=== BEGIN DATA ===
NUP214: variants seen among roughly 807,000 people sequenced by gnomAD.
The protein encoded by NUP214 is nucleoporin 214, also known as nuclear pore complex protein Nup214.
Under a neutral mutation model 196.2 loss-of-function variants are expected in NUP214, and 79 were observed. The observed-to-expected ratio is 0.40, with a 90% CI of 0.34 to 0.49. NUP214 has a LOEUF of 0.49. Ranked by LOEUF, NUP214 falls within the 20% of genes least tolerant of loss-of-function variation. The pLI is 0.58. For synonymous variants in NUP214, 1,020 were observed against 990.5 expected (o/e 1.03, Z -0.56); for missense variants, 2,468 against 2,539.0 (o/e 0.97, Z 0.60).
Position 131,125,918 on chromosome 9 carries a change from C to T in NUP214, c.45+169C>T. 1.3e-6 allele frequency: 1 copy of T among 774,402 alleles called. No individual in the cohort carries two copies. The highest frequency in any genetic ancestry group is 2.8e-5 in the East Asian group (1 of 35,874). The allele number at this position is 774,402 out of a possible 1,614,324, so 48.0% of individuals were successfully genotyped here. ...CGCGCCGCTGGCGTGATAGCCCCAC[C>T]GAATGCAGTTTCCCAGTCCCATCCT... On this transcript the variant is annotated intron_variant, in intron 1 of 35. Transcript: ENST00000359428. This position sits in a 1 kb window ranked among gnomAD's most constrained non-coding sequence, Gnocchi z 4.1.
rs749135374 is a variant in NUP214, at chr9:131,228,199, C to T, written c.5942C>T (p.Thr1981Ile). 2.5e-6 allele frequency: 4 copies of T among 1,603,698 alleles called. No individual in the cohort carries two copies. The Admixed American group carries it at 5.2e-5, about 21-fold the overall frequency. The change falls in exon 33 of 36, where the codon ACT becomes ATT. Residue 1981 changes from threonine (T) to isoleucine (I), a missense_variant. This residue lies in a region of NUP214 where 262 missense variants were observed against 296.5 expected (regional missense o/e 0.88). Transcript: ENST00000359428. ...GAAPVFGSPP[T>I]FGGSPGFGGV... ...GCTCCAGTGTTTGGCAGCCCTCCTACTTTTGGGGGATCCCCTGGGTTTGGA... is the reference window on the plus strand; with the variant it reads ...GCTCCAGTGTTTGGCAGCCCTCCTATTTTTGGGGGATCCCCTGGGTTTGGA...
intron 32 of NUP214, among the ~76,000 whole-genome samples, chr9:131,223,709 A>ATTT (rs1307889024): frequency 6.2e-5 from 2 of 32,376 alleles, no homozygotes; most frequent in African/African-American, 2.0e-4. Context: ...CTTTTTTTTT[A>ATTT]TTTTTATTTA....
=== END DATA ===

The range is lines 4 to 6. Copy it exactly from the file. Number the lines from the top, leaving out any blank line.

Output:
Position 131,125,918 on chromosome 9 carries a change from C to T in NUP214, c.45+169C>T. 1.3e-6 allele frequency: 1 copy of T among 774,402 alleles called. No individual in the cohort carries two copies. The highest frequency in any genetic ancestry group is 2.8e-5 in the East Asian group (1 of 35,874). The allele number at this position is 774,402 out of a possible 1,614,324, so 48.0% of individuals were successfully genotyped here. ...CGCGCCGCTGGCGTGATAGCCCCAC[C>T]GAATGCAGTTTCCCAGTCCCATCCT... On this transcript the variant is annotated intron_variant, in intron 1 of 35. Transcript: ENST00000359428. This position sits in a 1 kb window ranked among gnomAD's most constrained non-coding sequence, Gnocchi z 4.1.
rs749135374 is a variant in NUP214, at chr9:131,228,199, C to T, written c.5942C>T (p.Thr1981Ile). 2.5e-6 allele frequency: 4 copies of T among 1,603,698 alleles called. No individual in the cohort carries two copies. The Admixed American group carries it at 5.2e-5, about 21-fold the overall frequency. The change falls in exon 33 of 36, where the codon ACT becomes ATT. Residue 1981 changes from threonine (T) to isoleucine (I), a missense_variant. This residue lies in a region of NUP214 where 262 missense variants were observed against 296.5 expected (regional missense o/e 0.88). Transcript: ENST00000359428. ...GAAPVFGSPP[T>I]FGGSPGFGGV... ...GCTCCAGTGTTTGGCAGCCCTCCTACTTTTGGGGGATCCCCTGGGTTTGGA... is the reference window on the plus strand; with the variant it reads ...GCTCCAGTGTTTGGCAGCCCTCCTATTTTTGGGGGATCCCCTGGGTTTGGA...
intron 32 of NUP214, among the ~76,000 whole-genome samples, chr9:131,223,709 A>ATTT (rs1307889024): frequency 6.2e-5 from 2 of 32,376 alleles, no homozygotes; most frequent in African/African-American, 2.0e-4. Context: ...CTTTTTTTTT[A>ATTT]TTTTTATTTA....